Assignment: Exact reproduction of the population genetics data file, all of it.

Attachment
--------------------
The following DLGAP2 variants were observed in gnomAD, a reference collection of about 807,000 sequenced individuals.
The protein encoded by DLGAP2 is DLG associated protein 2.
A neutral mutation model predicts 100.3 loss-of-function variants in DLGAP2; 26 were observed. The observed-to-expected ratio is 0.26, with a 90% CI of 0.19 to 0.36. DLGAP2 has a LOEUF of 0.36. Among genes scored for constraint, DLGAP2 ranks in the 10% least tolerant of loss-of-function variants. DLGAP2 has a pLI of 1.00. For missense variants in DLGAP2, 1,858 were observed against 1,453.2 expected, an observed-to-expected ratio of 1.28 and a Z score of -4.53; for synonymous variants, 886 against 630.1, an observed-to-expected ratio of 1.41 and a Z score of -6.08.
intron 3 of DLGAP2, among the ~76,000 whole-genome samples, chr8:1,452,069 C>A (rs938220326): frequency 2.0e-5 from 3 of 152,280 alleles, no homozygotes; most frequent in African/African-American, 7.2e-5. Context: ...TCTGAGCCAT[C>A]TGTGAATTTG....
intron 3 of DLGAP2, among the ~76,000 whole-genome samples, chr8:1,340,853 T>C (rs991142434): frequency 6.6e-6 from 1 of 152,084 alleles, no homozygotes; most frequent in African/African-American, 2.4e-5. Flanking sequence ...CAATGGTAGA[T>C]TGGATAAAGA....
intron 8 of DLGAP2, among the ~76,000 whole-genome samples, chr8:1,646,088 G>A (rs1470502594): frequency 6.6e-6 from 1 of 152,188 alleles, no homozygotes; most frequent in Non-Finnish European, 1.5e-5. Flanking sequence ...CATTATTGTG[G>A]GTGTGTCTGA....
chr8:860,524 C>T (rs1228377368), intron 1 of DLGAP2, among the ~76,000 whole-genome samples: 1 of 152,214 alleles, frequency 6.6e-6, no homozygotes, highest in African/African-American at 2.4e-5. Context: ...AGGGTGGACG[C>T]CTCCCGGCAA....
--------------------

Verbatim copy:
The following DLGAP2 variants were observed in gnomAD, a reference collection of about 807,000 sequenced individuals.
The protein encoded by DLGAP2 is DLG associated protein 2.
A neutral mutation model predicts 100.3 loss-of-function variants in DLGAP2; 26 were observed. The observed-to-expected ratio is 0.26, with a 90% CI of 0.19 to 0.36. DLGAP2 has a LOEUF of 0.36. Among genes scored for constraint, DLGAP2 ranks in the 10% least tolerant of loss-of-function variants. DLGAP2 has a pLI of 1.00. For missense variants in DLGAP2, 1,858 were observed against 1,453.2 expected, an observed-to-expected ratio of 1.28 and a Z score of -4.53; for synonymous variants, 886 against 630.1, an observed-to-expected ratio of 1.41 and a Z score of -6.08.
intron 3 of DLGAP2, among the ~76,000 whole-genome samples, chr8:1,452,069 C>A (rs938220326): frequency 2.0e-5 from 3 of 152,280 alleles, no homozygotes; most frequent in African/African-American, 7.2e-5. Context: ...TCTGAGCCAT[C>A]TGTGAATTTG....
intron 3 of DLGAP2, among the ~76,000 whole-genome samples, chr8:1,340,853 T>C (rs991142434): frequency 6.6e-6 from 1 of 152,084 alleles, no homozygotes; most frequent in African/African-American, 2.4e-5. Flanking sequence ...CAATGGTAGA[T>C]TGGATAAAGA....
intron 8 of DLGAP2, among the ~76,000 whole-genome samples, chr8:1,646,088 G>A (rs1470502594): frequency 6.6e-6 from 1 of 152,188 alleles, no homozygotes; most frequent in Non-Finnish European, 1.5e-5. Flanking sequence ...CATTATTGTG[G>A]GTGTGTCTGA....
chr8:860,524 C>T (rs1228377368), intron 1 of DLGAP2, among the ~76,000 whole-genome samples: 1 of 152,214 alleles, frequency 6.6e-6, no homozygotes, highest in African/African-American at 2.4e-5. Context: ...AGGGTGGACG[C>T]CTCCCGGCAA....